Political Roundup: In the Wake of the Chicago Mayoral Election

Rahm Emanuel names his transition team; more theories on why voter turnout was so low; the ongoing problems of Meritorious Good Time; sobering stats on minority poverty and unemployment; and more.

* Fran Spielman reports that two Daley aides have been selected for Rahm Emanuel’s transition team. One, Sarah Pang, was a co-chair of Mayor Daley’s 2007 21st Century Commission, which issued a bunch of recommendations for the future of Chicago. You can read it here (PDF); a lot of it consists of vague recommendations to do things better, but there are encouraging ideas, such as a focus on putting foreclosed homes to use, integrated fare cards (which is not in and of itself going to save the city, but would be nice), citywide recycling (cf. Why Can’t Chicago Recycle? by Mick Dumke, which you’ll want to bookmark in the likely scenario that Emanuel takes on the dilemma), and suggestions to reduce train congestion (cf. Achy Obejas on Patricia Van-Pelt Watkins’s transit plan). For better or worse, it’s also emphatic about privatizing waste collection. And for worse, the undead O’Hare express train.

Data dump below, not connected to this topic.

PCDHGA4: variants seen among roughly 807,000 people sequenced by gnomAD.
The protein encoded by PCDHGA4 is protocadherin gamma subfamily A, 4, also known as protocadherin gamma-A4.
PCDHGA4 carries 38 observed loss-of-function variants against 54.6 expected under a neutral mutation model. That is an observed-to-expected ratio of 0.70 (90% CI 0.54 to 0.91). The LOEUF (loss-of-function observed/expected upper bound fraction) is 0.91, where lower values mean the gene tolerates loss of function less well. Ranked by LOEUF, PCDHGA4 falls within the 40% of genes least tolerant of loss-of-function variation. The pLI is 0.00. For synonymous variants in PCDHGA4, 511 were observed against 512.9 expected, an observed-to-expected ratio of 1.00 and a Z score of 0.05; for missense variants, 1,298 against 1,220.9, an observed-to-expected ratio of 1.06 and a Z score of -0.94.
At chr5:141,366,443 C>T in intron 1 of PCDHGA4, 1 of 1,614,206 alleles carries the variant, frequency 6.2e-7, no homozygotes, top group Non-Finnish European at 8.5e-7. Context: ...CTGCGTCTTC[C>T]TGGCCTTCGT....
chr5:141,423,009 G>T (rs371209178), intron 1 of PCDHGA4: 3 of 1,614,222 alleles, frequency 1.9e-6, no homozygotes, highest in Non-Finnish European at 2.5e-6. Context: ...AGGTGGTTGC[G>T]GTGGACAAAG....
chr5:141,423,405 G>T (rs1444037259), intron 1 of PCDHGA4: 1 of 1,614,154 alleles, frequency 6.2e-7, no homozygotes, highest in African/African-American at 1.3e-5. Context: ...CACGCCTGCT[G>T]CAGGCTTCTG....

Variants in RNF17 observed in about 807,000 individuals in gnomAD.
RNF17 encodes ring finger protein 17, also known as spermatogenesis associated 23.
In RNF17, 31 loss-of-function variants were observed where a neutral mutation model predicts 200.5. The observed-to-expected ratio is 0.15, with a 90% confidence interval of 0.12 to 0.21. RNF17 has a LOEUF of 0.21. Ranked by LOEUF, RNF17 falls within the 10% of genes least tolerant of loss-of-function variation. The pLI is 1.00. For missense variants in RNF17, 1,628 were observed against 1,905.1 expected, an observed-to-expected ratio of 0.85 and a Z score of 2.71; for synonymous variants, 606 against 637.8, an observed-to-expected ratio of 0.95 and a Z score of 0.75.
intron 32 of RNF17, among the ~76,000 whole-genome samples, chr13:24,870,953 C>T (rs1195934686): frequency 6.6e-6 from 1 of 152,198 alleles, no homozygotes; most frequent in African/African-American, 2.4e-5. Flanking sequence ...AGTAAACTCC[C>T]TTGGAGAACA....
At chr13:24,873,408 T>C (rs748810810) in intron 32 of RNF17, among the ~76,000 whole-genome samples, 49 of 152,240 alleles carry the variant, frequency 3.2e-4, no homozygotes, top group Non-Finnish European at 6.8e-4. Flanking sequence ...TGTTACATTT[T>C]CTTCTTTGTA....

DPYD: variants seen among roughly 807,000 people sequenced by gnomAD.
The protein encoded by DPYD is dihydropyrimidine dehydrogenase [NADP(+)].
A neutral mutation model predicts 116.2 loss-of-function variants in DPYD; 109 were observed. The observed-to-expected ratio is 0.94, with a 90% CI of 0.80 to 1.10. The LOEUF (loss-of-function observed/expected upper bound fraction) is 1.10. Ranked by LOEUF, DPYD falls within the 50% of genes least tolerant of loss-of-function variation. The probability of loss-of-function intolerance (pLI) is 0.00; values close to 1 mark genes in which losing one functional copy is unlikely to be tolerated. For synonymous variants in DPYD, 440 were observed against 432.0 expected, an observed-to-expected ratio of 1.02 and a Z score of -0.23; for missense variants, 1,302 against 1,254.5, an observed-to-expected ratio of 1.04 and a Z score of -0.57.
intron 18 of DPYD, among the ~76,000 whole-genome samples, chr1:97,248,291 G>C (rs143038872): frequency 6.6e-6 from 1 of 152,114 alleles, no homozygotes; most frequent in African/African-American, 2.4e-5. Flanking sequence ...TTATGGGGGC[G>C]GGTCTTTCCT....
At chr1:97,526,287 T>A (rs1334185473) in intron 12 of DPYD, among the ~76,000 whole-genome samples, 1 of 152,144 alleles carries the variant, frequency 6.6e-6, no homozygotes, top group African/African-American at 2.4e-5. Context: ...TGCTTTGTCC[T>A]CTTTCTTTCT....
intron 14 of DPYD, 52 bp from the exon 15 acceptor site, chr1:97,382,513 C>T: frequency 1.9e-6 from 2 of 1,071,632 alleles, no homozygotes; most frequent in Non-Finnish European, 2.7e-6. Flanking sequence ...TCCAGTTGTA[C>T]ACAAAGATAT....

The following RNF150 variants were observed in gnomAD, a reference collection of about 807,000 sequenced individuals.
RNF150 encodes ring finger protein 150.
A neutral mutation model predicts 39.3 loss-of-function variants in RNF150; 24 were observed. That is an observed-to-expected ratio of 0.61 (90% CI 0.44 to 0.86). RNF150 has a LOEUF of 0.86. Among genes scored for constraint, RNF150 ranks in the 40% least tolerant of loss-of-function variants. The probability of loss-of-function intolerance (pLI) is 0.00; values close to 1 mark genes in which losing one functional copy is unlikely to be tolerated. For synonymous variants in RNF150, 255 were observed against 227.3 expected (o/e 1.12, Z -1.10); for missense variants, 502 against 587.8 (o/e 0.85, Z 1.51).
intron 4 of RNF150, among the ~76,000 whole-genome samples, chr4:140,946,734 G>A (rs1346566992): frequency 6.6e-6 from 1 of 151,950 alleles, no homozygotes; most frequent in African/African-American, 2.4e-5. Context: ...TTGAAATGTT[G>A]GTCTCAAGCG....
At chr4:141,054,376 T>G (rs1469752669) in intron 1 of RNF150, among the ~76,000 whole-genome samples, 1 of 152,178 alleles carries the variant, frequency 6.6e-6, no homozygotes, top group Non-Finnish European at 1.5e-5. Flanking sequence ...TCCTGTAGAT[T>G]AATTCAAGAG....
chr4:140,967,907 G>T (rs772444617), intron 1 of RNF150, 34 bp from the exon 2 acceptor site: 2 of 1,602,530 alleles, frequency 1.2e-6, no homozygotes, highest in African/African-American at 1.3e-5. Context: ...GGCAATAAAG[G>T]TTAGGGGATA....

* The full transition team is here.

* The Pantagraph has a good two-part series on the state’s abandonment of Meritorious Good Time and prison overcrowding. It’s a problem that was predictable and predicted. And maybe one that never should have happened in the first place. Back in October, when Pat Quinn was running for re-election, Steve Bogira described how the MGT panic occurred and what the results would be:

This has already cost Illinois tens of millions of dollars, and could cost the state another $158 million between now and July 2012, according to projections by Malcolm Young, director of prison reentry strategies for Northwestern University law school’s Bluhm Legal Clinic. And that’s in operating costs alone; it doesn’t include the price of building another prison, which Young said could become necessary if MGT isn’t reinstated.

* The Chicago Reporter takes a look at minority poverty and unemployment in Chicago: “The stats on unemployment for minorities are blistering.”

* If you were worried about boredom setting in after the mayoral election, we still have reapportionment to look forward to!

* Steve Bogira finds some old letters from his dad to the 23rd ward office. It’s like Found magazine for public policy nerds.

* Rated Rookies of Chicago politics: Ameya Pawar and Jacob Meeks; Devon Reid, who pulled in 1,200 votes against the 26th ward’s powerful Roberto Maldonado with a $3k budget. Pawar had the best slogan of this election cycle. In 2009, he presented a report to FEMA, as part of its Higher Education Conference, on poverty and its relationship to disaster recovery, which you can find here.

* John V. Santore looks at why turnout was so low; the point about Rahm Emanuel running as an incumbent is salient.

* Rickey Hendon just quit.

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